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It is time for a FIRST Wild Card Tour book review! If you wish to join the FIRST blog alliance, just click the button. We are a group of reviewers who tour Christian books. A Wild Card post includes a brief bio of the author and a full chapter from each book toured. The reason it is called a FIRST Wild Card Tour is that you never know if the book will be fiction, non~fiction, for young, or for old...or for somewhere in between! Enjoy your free peek into the book!
You never know when I might play a wild card on you!
and the book:
David C. Cook; New edition (July 1, 2010)
A man who has given his life to a deep examination of the Word of God, Dr. Warren W. Wiersbe is an internationally known Bible teacher, former pastor of The Moody Church in Chicago and the author of more than 150 books. For over thirty years, millions have come to rely on the timeless wisdom of Dr. Warren W. Wiersbe’s “Be” Commentary series. Dr. Wiersbe’s commentary and insights on Scripture have helped readers understand and apply God’s Word with the goal of life transformation. Dubbed by many as the “pastor’s pastor,” Dr. Wiersbe skillfully weaves Scripture with historical explanations and thought-provoking questions, communicating the Word in such a way that the masses grasp its relevance for today.
Dr. Warren Wiersbe’s commentaries and his world-renowned knowledge of God’s Word can now be enjoyed in a format that allows everyone to enjoy spending time getting to know the Savior. David C Cook plans to release additional volumes in the Wiersbe Bible Study Series over the next few years.
List Price: $8.99
Paperback: 192 pages
Publisher: David C. Cook; New edition (July 1, 2010)
AND NOW...THE FIRST CHAPTER:
God in the Flesh
Before you begin …
• Pray for the Holy Spirit to reveal truth and wisdom as you go through this lesson.
• Read John 1—2. This lesson references chapters 1–2 in Be Alive. It will be helpful for you to have your Bible and a copy of the commentary available as you work through this lesson.
From the Commentary
Much as our words reveal to others our hearts and minds, so Jesus Christ is God’s “Word” to reveal His heart and mind to us. “He that hath seen me hath seen the Father” (John 14:9). A word is composed of letters, and Jesus Christ is “Alpha and Omega” (Rev. 1:11), the first and last letters of the Greek alphabet. According to Hebrews 1:1–3, Jesus Christ is God’s last Word to mankind, for He is the climax of divine revelation.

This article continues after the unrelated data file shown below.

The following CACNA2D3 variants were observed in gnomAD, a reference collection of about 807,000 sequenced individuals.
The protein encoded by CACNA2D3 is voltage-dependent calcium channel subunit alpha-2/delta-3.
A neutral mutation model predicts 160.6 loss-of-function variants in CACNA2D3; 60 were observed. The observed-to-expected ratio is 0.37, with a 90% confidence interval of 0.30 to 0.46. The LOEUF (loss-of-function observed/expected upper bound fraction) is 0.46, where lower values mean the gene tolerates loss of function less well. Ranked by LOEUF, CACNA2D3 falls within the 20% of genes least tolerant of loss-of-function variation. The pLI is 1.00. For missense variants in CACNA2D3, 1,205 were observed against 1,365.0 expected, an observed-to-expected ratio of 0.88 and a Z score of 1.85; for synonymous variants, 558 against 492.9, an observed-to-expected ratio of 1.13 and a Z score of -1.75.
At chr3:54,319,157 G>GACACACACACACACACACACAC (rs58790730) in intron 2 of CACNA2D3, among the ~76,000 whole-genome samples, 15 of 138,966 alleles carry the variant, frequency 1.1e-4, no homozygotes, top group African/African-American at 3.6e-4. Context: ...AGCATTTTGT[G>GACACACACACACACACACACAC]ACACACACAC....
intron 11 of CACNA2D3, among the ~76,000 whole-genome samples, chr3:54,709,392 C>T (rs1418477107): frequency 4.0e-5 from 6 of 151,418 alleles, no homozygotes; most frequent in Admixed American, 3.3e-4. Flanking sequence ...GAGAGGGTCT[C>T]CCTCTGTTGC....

—Be Alive, page 20
1. As you read John 1:1–2, what stands out to you about the description of
“the Word”? What does it mean that the Word was “with” God? That the
Word “was” God? How does this opening contrast with that of the other
three gospel accounts (Matthew, Mark, and Luke)? What does this tell us
about John, the writer of this gospel?
More to Consider: Why do you think John refers to Jesus as “the Son
of God” so many times in his gospel? (See John 1:34, 49; 3:18; 5:25;
10:36; 11:4, 27; 19:7; 20:31.)
2. Choose one verse or phrase from John 1—2 that stands out to you.
This could be something you’re intrigued by, something that makes you
uncomfortable, something that puzzles you, something that resonates with
you, or just something you want to examine further. Write that here.
From the Commentary
Life is a key theme in John’s gospel; it is used thirty-six times. What are the essentials for human life? There are at least four: light (if the sun went out, everything would die), air, water, and food. Jesus is all of these! He is the Light of Life and the Light of the World (John 8:12). He is the “Sun of righteousness” (Mal. 4:2). By His Holy Spirit, He gives us the “breath of life” (John 3:8; 20:22), as well as the Water of Life (John 4:10, 13–14; 7:37–39). Finally, Jesus is the Living Bread of Life that came down from heaven (John 6:35ff.). He not only has life and gives life, but He is life (John 14:6).
—Be Alive, page 22
3. As you go through the gospel of John, underline the references to “life.” Why do you think John’s gospel touches on this theme so frequently? How do the themes of “light” and “life” relate to one another in John 1?
From the Commentary
John the Baptist is one of the most important persons in the New Testament. He is mentioned at least eighty-nine times. John had the special privilege of introducing Jesus to the nation of Israel. He also had the difficult task of preparing the nation to receive its Messiah. He called them to repent of their sins and to prove that repentance by being baptized and then living changed lives. John summarized what John the Baptist had to say about Jesus Christ (John 1:15–18).